I met Mike Nichols in his apartment at the Carlyle Hotel in 1984, and he changed my life. My best friend, Terry Beirn, and I came there to ask Mike if he would help us do a benefit for AIDS research at the Shubert Theatre in New York. There had never been a benefit for AIDS, and most people did not want to know anything about the disease or talk about it. As we sat with him, Mike said over and over to us that he didn’t do benefits.
Finally, desperate, I said, “I don’t do benefits either, but Terry is my best friend and he has AIDS and he’s dying, so I’ve got to do something.” Mike looked intensely at my handsome thirty-four year old friend and began asking him questions. For twenty minutes, Terry told Mike how he was feeling and what he knew about the disease, which was a lot because Terry was a very smart man. There was no cure – at that point, there wasn’t even a test yet to prove you had it. Then, Mike turned to me and said, “No one wants to hear about this. People stick their heads in the sand. If we want them to pay attention, we are going to have to make them laugh.”
He called on many of his friends, Lorne Michaels, Steve Martin, David Geffen, and for the first time in twenty-five years, he performed on-stage with Elaine May. We raised a million dollars for AIDS research at a time when there was no money coming from the federal government. Mike guided me, gave me confidence, always expected the very best from me and never let me down. I teased him that he was even more of a perfectionist than my mother, but she had given me thirty years of grooming to prepare me to work with him. When my first marriage ended with the abruptness of a major earthquake, Mike offered me a small room in the basement of his office to pull myself back together again and write a screenplay. It gave me a reason to get up every morning, and he helped me re-build my confidence and my crumbled life with his wise advice and humor.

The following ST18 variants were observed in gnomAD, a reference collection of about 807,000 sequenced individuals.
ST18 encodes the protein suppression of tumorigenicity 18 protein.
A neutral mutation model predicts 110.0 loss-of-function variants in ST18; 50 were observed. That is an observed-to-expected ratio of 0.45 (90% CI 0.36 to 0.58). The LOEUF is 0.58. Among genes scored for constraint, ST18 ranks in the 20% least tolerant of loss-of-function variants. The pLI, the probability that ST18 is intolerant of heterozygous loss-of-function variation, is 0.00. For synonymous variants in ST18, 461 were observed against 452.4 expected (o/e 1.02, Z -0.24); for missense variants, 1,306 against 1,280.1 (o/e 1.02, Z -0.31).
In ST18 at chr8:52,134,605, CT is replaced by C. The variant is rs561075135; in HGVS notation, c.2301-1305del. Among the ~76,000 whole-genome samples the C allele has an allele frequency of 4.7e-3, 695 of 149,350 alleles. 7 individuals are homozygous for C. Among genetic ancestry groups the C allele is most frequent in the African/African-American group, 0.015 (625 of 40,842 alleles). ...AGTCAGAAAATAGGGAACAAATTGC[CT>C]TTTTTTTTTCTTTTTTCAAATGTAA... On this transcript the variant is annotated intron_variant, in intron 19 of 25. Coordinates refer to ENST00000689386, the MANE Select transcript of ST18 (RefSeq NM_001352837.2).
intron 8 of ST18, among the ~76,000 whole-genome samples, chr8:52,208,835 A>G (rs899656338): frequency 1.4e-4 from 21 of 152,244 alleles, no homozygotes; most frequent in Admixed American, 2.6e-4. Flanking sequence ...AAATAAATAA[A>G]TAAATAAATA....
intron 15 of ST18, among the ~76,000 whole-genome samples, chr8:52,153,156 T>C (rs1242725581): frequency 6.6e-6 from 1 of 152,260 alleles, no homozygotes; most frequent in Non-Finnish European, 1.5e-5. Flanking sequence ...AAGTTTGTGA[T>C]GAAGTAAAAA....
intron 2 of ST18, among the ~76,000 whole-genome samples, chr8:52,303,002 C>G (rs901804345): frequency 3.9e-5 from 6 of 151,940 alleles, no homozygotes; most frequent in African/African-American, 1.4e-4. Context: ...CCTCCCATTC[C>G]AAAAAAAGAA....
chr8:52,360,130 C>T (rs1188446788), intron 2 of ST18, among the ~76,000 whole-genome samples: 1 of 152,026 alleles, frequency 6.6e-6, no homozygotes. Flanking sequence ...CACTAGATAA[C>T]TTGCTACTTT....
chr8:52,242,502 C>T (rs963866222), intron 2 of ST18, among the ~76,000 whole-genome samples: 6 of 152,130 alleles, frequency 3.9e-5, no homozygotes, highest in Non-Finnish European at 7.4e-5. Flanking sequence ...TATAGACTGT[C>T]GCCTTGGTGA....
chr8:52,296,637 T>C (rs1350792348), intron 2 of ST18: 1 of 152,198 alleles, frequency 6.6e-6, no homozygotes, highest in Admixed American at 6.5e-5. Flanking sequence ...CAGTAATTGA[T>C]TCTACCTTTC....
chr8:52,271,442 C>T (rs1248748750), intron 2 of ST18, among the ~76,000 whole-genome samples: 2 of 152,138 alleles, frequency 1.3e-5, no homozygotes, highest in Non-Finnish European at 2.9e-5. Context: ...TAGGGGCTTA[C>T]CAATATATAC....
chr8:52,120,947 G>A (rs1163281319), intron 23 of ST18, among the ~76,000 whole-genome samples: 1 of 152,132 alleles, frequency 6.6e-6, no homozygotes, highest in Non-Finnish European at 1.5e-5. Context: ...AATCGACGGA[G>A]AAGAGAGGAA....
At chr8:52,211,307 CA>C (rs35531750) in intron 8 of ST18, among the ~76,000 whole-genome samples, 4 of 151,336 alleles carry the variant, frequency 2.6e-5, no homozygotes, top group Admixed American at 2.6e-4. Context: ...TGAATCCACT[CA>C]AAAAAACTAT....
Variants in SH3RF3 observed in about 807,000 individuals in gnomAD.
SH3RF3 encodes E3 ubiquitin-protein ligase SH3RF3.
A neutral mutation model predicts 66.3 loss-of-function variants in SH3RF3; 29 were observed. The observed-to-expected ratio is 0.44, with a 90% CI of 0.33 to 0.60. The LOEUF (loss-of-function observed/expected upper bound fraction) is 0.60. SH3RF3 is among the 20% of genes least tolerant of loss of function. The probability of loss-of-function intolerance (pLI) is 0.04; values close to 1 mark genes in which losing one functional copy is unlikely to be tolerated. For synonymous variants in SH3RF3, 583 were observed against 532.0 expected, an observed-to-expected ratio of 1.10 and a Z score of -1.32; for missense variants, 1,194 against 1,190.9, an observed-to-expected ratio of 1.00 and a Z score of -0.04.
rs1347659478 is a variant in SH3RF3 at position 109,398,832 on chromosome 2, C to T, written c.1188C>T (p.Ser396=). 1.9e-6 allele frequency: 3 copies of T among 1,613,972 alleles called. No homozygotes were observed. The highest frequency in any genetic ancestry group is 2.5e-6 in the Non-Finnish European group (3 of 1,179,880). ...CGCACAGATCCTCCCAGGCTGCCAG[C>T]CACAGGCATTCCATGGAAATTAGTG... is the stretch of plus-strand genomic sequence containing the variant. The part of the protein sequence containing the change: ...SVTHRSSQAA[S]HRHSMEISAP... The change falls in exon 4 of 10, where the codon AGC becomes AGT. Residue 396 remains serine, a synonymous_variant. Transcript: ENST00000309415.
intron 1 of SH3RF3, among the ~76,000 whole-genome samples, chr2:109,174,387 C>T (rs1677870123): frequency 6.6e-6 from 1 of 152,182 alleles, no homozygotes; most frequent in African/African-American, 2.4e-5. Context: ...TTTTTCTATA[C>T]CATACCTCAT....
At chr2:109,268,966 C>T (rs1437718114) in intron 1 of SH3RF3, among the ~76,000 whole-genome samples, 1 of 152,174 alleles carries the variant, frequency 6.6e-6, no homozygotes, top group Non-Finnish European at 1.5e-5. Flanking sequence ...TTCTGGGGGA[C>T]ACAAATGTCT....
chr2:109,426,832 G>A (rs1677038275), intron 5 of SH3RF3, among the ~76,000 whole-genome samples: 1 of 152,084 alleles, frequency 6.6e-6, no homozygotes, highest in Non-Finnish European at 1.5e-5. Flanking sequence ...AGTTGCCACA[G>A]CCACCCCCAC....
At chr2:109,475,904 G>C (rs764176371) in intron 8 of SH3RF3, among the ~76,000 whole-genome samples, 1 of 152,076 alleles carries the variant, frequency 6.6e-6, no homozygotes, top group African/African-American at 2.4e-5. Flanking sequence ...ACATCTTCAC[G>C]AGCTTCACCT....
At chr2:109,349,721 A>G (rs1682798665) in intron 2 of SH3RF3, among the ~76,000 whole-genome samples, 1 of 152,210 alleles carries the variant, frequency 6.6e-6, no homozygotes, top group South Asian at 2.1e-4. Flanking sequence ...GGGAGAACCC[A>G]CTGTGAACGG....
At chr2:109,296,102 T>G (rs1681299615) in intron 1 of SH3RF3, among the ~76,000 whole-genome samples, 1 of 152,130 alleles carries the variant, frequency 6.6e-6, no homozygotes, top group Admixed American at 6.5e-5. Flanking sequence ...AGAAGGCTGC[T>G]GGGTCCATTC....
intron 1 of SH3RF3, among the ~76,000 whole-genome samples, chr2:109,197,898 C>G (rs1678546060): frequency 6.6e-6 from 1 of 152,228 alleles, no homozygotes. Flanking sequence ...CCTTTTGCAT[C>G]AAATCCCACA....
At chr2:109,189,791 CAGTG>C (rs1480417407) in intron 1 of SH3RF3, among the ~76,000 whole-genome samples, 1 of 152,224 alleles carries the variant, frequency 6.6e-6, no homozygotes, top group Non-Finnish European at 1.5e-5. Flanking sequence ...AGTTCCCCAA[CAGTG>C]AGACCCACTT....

And now, he is gone. A brilliant light that has left an impact on so many creative people’s lives. Mike had a razor sharp mind, the courage to go where many others feared to tread and the biggest, most generous heart. It was an honor and a privilege to have him as a mentor, and I would not be the person I am today if I had not met him. The world has lost a shining star.
“The only safe thing is to take a chance.”
-- Mike Nichols